Former Amherst College student Angie Epifano speaks out in documentary about college rape


When film producer Marjorie Nielsen began the project, called “It Happened Here,” she said she knew she wanted former Amherst College student Angie Epifano to be involved.

Epifano, who did not return requests by the Gazette for an interview, wrote a letter in 2012 revealing she had been raped on campus at Amherst. Her letter, published in the student newspaper, asserted that following her rape the college was not supportive and compelled her to sign herself into a psychiatric ward.

Nielsen, of Los Angeles, said she wanted Epifano in the film because her letter “launched a movement.” Nielsen came up with the idea for the film in April 2013, and said she was interviewing Epifano by May 7.

“She galvanized so many students from around the world,” Nielsen said of Epifano. “Her letter, it crashed the server. It went viral that day. It reached so many survivors; it was like wildfire.”

When the film was first being shot, Nielsen said there were only three institutions facing sexual violence investigations under Title IX, the federal law prohibiting sexual discrimination in all educational institutions that receive federal financial assistance. Now, less than two years later, there are nearly 100, she said.

Amherst College, the University of Massachusetts Amherst and Hampshire College are among them.

The film follows five rape survivors, including Epifano from Amherst. The other four are from the University of Connecticut in Storrs and Vanderbilt University in Nashville, Tennessee.

It also features experts in the field of sexual abuse and some college administrators, including Amherst College President Carolyn A. “Biddy” Martin.

“When the filmmaker asked me whether I would be willing to be interviewed, I agreed in the hope that this documentary will help spur further change,” Martin wrote in an email to the Gazette. “Angie Epifano and the many student activists from other colleges and universities across the country have given the problem of sexual assault and the requirements of Title IX much needed attention at the national level.”

The interviews are interspersed with bucolic shots of college campuses and news reports of sexual assault and violence on those campuses. Statistics — one in five women are sexually assaulted on campuses — also flash across the screen.

One of the film’s first scenes shows Epifano stating that Amherst College was “her home” and the first place she was happy. Later, as she describes her rape and the college’s reaction to her seeking help, she says that the institution hurt her more than her rapist.

Other rape victims told stories similar to Epifano’s — that they were not believed and were discredited by the universities.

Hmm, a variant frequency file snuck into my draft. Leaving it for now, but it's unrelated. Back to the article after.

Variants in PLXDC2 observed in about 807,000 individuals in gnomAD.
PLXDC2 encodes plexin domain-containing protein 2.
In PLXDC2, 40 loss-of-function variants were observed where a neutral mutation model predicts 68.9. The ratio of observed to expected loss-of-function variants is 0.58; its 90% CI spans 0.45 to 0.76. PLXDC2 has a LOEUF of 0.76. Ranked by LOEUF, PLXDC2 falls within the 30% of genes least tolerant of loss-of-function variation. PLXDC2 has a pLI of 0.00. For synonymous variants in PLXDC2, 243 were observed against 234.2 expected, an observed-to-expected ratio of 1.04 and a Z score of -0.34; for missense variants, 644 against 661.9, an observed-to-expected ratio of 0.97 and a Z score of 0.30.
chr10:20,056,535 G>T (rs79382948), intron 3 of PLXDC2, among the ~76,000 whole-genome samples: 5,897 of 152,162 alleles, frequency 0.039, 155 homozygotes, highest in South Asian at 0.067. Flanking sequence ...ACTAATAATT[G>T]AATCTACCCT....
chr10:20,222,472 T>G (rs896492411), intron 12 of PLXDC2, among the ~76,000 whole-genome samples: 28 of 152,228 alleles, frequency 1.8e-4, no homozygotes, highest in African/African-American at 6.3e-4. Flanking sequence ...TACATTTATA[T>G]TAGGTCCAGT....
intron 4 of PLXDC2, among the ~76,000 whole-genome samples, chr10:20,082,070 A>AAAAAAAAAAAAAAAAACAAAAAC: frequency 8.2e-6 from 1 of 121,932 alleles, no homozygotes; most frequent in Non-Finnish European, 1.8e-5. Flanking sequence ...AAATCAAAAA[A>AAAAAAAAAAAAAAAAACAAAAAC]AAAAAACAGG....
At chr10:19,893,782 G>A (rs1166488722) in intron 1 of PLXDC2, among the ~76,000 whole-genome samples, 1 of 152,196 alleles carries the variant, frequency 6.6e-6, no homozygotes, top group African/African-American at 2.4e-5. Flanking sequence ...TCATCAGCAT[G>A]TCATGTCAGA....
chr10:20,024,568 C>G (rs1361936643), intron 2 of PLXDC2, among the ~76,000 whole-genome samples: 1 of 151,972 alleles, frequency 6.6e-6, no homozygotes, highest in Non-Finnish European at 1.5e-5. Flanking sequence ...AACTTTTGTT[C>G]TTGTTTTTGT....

“We want to show that this is something that is happening everywhere,” Nielsen said.

Since the documentary was released last month, Nielsen has received numerous requests to screen the film, though none yet from Amherst College, she said.

Martin said Epifano’s letter had a profound effect upon campus. Amherst overhauled its judicial review process for sexual assault complaints to make them more professional, remove unnecessary burdens on victims and ensure fairness. The college also improved sexual misconduct reporting procedures, hired two full-time administrators whose jobs focus on preventing sexual abuse and responding to complaints, added more counselors trained in sexual misconduct to the counseling center and created intervention and prevention programs throughout campus, Martin said.

Since Epifano’s letter was published, “Amherst College has made significant changes in its efforts to prevent, address and remedy incidents of sexual assault,” Martin wrote.

Laurie Frankl, Amherst’s full-time Title IX coordinator, joined the college in December 2013. Previously, the athletics director at Amherst also served as the Title IX coordinator part time.

Frankl called the “It Happened Here” powerful and “incredibly moving,” adding that the students are making a difference.

“It is absolutely a movement and it is student-led,” Frankl said. “It is one of the most powerful and effective student movements we’ve seen lately.”

This past fall students at Amherst completed a “sexual respect and misconduct” survey about the environment on campus, which will be studied in the coming months, Frankl said.

“In the next three to five years, we will listen incredibly closely to students and work with them to understand how the new personnel, how our reinvigorated responses and how our new robust program is working for the campus,” she said.

Now that the “It Happened Here” has been released, Nielsen said her favorite part of the process was gaining the trust of the rape survivors and giving them a venue to talk about their experiences, even at the risk of retaliation.

“I was so encouraged and inspired by these women,” Nielsen said. “It is very brave to do what they’ve done.”


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